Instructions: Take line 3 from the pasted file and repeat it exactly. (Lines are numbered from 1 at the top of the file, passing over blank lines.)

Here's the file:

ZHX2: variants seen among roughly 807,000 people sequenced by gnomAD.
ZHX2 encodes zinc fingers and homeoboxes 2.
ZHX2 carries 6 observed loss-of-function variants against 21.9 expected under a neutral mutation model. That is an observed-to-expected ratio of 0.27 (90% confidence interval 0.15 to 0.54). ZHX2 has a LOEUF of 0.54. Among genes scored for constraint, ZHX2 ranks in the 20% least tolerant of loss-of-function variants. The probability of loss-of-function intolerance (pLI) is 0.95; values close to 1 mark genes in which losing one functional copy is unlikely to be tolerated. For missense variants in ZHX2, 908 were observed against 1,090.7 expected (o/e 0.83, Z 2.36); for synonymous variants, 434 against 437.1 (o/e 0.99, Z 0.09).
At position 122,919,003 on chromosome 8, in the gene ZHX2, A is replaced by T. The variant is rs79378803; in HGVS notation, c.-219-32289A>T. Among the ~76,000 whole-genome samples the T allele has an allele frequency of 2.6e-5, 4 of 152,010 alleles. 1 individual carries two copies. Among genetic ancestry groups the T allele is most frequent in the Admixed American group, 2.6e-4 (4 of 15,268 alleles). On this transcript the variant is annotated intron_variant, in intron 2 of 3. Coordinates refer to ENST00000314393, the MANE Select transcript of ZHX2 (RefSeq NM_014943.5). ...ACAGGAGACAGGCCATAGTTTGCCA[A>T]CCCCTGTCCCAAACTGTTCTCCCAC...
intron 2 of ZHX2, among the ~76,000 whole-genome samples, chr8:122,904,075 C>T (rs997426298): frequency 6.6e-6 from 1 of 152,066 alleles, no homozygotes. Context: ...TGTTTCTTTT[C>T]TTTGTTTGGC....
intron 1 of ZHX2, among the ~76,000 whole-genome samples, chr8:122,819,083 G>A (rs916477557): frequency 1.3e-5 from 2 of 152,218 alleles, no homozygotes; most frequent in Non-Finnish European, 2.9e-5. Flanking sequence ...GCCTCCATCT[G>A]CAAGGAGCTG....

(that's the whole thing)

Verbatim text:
ZHX2 carries 6 observed loss-of-function variants against 21.9 expected under a neutral mutation model. That is an observed-to-expected ratio of 0.27 (90% confidence interval 0.15 to 0.54). ZHX2 has a LOEUF of 0.54. Among genes scored for constraint, ZHX2 ranks in the 20% least tolerant of loss-of-function variants. The probability of loss-of-function intolerance (pLI) is 0.95; values close to 1 mark genes in which losing one functional copy is unlikely to be tolerated. For missense variants in ZHX2, 908 were observed against 1,090.7 expected (o/e 0.83, Z 2.36); for synonymous variants, 434 against 437.1 (o/e 0.99, Z 0.09).